SAMUEL H. HAY, M.D.; J. EDWIN WOOD JR., M.D., F.A.C.P.
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Adequate control of sodium dietary intake has always been a vexing problem. The vagaries of the average patient tend to vitiate attempts at suitable sodium restriction in patients with edema or potential congestion. Appetizing and nutritious salt-free diets are difficult to arrange. The prevention of sodium absorption from ingested food would seem worthy of trial. Such a possibility lies in the use of a cation exchange resin which on oral ingestion mixes with the food, fixes certain basic electrolytes, and carries them out in the feces. It is the purpose of this study to describe our clinical experiences with such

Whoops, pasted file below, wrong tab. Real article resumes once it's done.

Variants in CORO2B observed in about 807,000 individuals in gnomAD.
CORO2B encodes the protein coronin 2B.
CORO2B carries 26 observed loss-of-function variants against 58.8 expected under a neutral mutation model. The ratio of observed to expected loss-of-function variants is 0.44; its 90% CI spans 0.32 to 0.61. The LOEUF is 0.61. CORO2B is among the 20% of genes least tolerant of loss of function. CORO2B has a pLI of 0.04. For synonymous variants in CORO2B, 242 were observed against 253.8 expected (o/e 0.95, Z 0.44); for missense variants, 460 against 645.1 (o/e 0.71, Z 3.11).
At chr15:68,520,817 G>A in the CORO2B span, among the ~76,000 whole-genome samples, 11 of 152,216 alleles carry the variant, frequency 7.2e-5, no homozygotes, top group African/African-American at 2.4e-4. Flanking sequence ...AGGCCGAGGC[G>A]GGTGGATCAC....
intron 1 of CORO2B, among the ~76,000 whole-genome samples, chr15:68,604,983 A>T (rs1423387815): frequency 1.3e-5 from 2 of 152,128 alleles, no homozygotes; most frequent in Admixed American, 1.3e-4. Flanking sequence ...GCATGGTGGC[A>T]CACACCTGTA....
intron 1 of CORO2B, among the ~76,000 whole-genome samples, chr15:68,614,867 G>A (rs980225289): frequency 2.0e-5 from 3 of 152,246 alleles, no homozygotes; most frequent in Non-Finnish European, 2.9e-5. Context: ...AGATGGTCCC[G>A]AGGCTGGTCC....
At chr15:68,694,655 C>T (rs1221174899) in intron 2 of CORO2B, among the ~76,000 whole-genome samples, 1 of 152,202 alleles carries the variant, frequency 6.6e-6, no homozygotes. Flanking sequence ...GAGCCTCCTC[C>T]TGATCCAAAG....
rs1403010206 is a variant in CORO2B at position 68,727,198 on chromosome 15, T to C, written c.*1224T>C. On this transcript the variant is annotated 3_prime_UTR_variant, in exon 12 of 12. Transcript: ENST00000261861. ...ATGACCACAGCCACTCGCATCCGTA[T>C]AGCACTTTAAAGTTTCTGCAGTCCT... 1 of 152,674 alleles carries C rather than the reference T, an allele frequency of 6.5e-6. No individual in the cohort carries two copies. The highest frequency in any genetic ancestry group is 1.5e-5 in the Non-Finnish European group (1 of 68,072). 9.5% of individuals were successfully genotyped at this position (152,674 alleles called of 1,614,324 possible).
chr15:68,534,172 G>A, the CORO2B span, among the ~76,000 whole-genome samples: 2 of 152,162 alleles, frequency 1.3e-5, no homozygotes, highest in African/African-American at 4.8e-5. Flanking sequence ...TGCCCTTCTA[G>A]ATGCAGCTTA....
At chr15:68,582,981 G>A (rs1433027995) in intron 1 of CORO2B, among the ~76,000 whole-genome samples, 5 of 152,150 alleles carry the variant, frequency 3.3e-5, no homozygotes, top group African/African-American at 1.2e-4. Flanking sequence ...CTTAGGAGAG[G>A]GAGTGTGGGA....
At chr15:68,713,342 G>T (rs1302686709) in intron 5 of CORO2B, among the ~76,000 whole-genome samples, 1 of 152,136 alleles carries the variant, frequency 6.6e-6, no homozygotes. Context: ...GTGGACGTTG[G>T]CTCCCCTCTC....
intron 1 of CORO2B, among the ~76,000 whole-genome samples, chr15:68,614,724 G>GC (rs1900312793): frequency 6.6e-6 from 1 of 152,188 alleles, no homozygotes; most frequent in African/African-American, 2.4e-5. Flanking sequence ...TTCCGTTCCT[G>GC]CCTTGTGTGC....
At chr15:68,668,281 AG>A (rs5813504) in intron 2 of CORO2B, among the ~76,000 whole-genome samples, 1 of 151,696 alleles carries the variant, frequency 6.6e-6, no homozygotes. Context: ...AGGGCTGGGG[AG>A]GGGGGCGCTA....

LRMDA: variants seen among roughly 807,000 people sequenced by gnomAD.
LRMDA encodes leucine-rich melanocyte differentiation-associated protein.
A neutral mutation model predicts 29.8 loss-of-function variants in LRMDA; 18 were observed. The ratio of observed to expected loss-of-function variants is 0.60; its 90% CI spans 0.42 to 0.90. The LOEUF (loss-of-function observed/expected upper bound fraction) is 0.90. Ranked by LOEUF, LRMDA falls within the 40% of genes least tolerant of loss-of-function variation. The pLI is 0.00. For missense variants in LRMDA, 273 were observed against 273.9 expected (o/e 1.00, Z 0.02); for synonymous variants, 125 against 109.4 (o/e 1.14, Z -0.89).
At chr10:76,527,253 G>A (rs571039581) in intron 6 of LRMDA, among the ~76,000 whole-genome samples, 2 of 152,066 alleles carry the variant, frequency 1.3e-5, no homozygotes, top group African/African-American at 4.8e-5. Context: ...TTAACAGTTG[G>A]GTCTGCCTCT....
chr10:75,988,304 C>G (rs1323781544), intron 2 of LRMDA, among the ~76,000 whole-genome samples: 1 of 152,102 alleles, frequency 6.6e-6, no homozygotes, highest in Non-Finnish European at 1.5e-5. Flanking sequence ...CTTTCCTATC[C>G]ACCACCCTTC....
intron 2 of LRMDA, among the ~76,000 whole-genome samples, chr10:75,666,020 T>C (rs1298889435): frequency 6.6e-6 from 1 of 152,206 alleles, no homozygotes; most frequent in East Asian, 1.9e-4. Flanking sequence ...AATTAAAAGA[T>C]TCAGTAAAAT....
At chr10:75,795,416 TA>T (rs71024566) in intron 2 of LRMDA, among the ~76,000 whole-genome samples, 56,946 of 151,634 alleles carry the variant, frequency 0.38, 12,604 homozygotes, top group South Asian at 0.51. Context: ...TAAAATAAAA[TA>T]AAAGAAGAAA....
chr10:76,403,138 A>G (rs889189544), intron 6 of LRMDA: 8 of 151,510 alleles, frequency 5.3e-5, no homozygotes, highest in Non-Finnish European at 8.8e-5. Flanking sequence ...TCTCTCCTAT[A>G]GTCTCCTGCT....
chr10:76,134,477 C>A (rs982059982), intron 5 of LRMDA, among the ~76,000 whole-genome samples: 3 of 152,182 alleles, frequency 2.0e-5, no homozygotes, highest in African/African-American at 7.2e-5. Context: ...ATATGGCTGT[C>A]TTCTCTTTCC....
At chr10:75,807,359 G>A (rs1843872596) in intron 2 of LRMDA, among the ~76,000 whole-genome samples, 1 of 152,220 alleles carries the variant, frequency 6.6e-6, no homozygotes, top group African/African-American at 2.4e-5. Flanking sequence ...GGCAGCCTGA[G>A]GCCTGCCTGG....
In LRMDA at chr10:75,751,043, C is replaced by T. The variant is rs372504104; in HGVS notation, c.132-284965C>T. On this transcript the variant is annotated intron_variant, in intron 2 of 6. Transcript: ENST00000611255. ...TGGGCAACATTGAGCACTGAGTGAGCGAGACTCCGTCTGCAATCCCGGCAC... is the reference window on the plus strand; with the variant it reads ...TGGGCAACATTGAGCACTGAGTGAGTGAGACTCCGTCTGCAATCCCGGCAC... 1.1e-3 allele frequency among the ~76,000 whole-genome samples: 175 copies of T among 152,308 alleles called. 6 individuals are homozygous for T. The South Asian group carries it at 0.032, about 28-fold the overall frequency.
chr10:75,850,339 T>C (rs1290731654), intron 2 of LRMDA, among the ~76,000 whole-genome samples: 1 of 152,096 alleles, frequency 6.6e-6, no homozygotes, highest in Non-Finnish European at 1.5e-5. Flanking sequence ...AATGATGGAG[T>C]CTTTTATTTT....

HAY SH, WOOD JE. CATION EXCHANGE RESINS IN THE TREATMENT OF CONGESTIVE HEART FAILURE*. Ann Intern Med. 1950;33:1139–1149. doi: https://doi.org/10.7326/0003-4819-33-5-1139
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Published: Ann Intern Med. 1950;33(5):1139-1149.
Cardiology, Heart Failure.
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Print ISSN: 0003-4819 | Online ISSN: 1539-3704
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